Nudibranchs (sea slugs) are one of the most diverse marine invertebrates in the world. More than 5,000 species exist and many more have yet to be described. The biggest, nudipleura, is well known by divers due its brilliant colours and ability to camouflage.

Pioneering nudibranch research in Mozambique
The first study on nudipleura in Mozambique was conducted at the Závora Marine Lab, in collaboration with the National Museum of Natural History. This project assesses the biodiversity of nudipleura in Mozambique, aims to solve a complex of species problems and describe new species. The latter aims to describe spatial and temporal distribution.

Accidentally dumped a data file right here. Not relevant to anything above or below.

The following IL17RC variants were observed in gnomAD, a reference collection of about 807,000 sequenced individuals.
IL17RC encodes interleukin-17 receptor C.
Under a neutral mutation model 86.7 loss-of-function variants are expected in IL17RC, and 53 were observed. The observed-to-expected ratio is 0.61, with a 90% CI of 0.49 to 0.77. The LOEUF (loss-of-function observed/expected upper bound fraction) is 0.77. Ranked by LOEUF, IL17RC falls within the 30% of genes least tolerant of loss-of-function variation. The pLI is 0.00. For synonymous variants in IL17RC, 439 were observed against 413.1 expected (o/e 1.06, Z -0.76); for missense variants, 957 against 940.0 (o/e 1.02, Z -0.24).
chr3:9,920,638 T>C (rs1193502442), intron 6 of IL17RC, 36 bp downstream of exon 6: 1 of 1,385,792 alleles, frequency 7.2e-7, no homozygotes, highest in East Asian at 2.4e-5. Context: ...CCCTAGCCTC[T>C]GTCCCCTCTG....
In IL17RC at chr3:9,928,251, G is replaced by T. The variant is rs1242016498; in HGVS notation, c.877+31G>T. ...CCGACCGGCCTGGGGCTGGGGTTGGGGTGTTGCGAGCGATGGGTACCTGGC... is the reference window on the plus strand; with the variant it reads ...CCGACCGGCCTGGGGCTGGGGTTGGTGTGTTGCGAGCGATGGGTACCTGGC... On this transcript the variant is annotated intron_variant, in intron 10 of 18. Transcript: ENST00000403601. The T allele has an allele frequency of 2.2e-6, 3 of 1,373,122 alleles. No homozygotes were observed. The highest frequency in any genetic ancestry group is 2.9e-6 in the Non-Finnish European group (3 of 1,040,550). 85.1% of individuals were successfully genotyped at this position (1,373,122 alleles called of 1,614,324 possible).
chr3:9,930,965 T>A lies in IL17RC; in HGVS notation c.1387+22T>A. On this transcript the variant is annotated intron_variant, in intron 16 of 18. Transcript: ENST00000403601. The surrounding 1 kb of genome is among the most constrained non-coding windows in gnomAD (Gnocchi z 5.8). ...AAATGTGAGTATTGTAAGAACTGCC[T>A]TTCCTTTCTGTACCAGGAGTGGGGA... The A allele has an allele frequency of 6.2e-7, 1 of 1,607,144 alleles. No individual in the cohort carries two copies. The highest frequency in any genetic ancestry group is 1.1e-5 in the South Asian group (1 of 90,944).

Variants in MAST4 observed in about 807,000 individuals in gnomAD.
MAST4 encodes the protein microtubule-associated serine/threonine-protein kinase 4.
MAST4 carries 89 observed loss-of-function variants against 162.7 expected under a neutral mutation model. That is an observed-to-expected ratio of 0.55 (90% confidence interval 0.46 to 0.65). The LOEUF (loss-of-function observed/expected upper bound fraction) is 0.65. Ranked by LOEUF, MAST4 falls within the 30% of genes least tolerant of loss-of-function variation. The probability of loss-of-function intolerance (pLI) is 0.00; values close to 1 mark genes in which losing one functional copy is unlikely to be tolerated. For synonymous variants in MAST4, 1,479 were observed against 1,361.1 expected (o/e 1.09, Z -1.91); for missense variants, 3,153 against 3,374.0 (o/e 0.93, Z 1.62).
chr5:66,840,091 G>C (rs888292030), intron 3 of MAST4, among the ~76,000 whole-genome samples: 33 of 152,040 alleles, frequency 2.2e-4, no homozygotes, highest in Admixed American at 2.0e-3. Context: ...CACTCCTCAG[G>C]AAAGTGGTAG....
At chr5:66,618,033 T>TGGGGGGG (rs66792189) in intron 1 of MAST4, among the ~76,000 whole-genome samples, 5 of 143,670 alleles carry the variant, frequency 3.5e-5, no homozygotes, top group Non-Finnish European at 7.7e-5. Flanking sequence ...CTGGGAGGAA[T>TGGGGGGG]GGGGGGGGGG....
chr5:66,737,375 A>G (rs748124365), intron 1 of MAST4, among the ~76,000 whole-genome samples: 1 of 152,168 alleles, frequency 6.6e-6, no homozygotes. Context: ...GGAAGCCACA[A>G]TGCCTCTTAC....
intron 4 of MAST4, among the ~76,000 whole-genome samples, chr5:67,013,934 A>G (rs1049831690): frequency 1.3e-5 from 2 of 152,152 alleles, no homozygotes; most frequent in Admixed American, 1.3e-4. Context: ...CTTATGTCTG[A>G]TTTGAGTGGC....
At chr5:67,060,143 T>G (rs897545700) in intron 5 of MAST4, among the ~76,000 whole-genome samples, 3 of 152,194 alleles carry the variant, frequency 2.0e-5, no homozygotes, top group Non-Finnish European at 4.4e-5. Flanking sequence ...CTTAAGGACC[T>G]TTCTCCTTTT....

More than 230 species have been identified since the Závora Marine Lab was established in 2009. Many previously undescribed species are attributed to the lab’s research.

(c) Maya Santangelo


Belt transect technique is used to collect spatial and temporal data of opisthobranch distribution. Focal diver techniques are helping to identify rare and deep species. Quadrats and per-time are helping to assess the local distribution of nudibranchs in in the region.